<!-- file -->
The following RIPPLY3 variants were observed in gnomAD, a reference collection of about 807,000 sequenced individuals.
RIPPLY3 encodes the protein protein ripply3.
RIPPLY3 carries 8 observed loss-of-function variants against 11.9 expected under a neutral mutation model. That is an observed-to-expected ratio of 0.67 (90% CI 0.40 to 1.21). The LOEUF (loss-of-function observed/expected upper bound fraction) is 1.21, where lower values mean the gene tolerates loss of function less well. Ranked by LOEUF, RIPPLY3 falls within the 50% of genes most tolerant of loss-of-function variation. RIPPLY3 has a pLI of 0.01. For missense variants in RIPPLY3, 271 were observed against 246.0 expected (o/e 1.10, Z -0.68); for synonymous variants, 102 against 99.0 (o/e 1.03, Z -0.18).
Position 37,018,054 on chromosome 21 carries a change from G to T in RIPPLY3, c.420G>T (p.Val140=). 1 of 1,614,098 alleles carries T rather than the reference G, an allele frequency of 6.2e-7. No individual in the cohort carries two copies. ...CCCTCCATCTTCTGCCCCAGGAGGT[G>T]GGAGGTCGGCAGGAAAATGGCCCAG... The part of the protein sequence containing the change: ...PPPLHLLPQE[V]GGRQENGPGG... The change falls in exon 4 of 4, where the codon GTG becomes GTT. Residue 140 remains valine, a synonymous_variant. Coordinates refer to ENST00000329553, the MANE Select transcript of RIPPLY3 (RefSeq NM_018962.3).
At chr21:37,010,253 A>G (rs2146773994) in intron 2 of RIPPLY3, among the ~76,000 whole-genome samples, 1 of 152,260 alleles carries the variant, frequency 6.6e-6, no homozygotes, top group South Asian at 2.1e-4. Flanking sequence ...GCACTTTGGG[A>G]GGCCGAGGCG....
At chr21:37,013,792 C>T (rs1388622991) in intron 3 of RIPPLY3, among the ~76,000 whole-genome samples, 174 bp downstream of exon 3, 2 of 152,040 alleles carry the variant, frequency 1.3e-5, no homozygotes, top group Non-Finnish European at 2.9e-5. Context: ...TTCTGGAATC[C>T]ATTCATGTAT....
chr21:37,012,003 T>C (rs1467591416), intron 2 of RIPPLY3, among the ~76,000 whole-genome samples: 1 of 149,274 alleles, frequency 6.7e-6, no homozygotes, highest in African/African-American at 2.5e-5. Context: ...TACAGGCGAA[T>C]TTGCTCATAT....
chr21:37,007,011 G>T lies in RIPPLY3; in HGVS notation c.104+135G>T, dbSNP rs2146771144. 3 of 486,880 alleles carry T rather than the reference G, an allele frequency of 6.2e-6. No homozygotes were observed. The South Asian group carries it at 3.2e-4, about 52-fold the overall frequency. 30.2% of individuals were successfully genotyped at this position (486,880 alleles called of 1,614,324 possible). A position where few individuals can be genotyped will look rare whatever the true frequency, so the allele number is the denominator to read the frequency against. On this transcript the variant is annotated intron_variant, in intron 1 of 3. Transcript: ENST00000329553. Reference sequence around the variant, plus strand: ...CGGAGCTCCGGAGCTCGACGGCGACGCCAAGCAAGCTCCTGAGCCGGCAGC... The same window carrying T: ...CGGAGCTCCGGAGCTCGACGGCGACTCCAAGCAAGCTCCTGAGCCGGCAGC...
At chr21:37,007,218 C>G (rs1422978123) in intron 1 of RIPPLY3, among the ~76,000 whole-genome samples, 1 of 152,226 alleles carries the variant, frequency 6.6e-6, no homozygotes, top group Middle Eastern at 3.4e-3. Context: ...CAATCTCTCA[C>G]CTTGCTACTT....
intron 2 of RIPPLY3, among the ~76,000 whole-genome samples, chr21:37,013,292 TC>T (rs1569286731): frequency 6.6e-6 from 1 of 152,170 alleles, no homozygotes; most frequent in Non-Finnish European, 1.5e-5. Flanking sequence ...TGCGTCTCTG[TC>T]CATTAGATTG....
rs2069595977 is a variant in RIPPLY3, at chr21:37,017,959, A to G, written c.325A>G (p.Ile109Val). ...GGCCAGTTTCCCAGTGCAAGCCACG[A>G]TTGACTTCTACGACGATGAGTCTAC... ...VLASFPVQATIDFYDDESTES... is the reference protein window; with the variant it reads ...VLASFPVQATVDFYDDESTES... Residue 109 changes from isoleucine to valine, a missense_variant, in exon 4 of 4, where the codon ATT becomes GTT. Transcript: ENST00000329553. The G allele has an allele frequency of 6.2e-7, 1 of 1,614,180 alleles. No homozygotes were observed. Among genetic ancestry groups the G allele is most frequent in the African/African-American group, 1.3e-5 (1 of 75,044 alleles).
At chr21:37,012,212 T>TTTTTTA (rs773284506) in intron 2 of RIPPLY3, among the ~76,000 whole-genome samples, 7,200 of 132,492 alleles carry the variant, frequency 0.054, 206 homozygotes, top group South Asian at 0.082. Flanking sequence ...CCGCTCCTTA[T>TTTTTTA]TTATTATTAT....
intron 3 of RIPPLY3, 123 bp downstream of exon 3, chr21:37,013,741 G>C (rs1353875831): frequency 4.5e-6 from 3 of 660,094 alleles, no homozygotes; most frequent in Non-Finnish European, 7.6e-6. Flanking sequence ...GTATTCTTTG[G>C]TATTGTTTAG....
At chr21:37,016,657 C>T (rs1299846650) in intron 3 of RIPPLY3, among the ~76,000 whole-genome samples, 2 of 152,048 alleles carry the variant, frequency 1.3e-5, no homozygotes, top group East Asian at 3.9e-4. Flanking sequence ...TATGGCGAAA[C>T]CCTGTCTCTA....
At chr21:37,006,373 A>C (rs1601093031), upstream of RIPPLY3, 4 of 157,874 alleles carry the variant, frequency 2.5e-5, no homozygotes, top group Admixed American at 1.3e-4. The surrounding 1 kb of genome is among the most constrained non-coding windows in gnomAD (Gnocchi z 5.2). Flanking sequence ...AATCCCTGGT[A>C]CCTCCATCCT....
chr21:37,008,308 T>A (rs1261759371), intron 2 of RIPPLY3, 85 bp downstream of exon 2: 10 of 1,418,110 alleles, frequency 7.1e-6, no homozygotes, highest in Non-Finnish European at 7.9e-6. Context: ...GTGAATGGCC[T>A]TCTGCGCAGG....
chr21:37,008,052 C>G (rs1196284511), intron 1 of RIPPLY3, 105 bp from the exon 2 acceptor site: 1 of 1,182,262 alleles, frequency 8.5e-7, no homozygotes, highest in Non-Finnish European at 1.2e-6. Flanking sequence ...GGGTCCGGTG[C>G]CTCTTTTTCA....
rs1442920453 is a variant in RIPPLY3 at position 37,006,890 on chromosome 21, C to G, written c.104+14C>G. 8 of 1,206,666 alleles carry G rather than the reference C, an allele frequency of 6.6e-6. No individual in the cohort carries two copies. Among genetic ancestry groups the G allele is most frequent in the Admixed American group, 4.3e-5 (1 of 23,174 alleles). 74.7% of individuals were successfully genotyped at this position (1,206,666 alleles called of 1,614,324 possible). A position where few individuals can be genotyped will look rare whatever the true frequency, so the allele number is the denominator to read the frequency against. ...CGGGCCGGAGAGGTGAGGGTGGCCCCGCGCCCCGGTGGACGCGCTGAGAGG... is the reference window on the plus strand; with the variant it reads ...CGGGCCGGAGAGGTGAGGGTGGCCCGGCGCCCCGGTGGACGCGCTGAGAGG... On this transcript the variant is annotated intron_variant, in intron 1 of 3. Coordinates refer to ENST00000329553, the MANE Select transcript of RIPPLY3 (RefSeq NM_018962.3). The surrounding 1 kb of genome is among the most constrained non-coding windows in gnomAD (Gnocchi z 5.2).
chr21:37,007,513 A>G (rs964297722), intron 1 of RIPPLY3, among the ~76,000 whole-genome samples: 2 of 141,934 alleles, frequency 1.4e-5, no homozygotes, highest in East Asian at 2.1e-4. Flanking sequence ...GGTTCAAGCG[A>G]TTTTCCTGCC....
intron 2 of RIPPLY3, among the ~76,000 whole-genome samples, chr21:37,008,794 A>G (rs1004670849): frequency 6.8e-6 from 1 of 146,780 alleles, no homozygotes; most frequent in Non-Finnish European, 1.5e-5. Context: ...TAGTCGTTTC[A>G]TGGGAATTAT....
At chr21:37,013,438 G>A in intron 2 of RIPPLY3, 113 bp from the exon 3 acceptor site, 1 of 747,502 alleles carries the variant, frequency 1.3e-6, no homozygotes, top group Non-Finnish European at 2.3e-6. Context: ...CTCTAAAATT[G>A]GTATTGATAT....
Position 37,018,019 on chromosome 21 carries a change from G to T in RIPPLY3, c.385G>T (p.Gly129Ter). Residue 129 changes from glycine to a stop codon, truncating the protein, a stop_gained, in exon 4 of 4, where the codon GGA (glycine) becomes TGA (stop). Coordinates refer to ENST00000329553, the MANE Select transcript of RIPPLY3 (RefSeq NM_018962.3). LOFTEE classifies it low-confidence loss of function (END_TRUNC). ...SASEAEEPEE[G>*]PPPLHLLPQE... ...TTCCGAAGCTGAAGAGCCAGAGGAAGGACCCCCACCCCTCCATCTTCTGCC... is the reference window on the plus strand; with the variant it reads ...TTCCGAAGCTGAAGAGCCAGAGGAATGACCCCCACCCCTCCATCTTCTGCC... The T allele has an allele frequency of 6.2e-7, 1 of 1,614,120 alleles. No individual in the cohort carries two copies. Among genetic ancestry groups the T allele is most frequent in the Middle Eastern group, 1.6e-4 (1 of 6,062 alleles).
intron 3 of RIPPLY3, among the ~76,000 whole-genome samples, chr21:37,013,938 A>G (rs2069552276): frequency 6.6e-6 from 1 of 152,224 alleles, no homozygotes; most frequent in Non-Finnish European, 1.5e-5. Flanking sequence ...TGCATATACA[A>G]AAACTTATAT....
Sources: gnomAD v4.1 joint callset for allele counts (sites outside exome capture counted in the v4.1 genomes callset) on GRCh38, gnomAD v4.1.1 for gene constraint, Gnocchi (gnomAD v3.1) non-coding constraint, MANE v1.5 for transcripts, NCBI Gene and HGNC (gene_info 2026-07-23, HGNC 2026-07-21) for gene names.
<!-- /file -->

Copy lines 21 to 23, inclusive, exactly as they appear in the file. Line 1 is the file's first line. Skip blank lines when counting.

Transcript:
At chr21:37,013,438 G>A in intron 2 of RIPPLY3, 113 bp from the exon 3 acceptor site, 1 of 747,502 alleles carries the variant, frequency 1.3e-6, no homozygotes, top group Non-Finnish European at 2.3e-6. Context: ...CTCTAAAATT[G>A]GTATTGATAT....
Position 37,018,019 on chromosome 21 carries a change from G to T in RIPPLY3, c.385G>T (p.Gly129Ter). Residue 129 changes from glycine to a stop codon, truncating the protein, a stop_gained, in exon 4 of 4, where the codon GGA (glycine) becomes TGA (stop). Coordinates refer to ENST00000329553, the MANE Select transcript of RIPPLY3 (RefSeq NM_018962.3). LOFTEE classifies it low-confidence loss of function (END_TRUNC). ...SASEAEEPEE[G>*]PPPLHLLPQE... ...TTCCGAAGCTGAAGAGCCAGAGGAAGGACCCCCACCCCTCCATCTTCTGCC... is the reference window on the plus strand; with the variant it reads ...TTCCGAAGCTGAAGAGCCAGAGGAATGACCCCCACCCCTCCATCTTCTGCC... The T allele has an allele frequency of 6.2e-7, 1 of 1,614,120 alleles. No individual in the cohort carries two copies. Among genetic ancestry groups the T allele is most frequent in the Middle Eastern group, 1.6e-4 (1 of 6,062 alleles).
intron 3 of RIPPLY3, among the ~76,000 whole-genome samples, chr21:37,013,938 A>G (rs2069552276): frequency 6.6e-6 from 1 of 152,224 alleles, no homozygotes; most frequent in Non-Finnish European, 1.5e-5. Flanking sequence ...TGCATATACA[A>G]AAACTTATAT....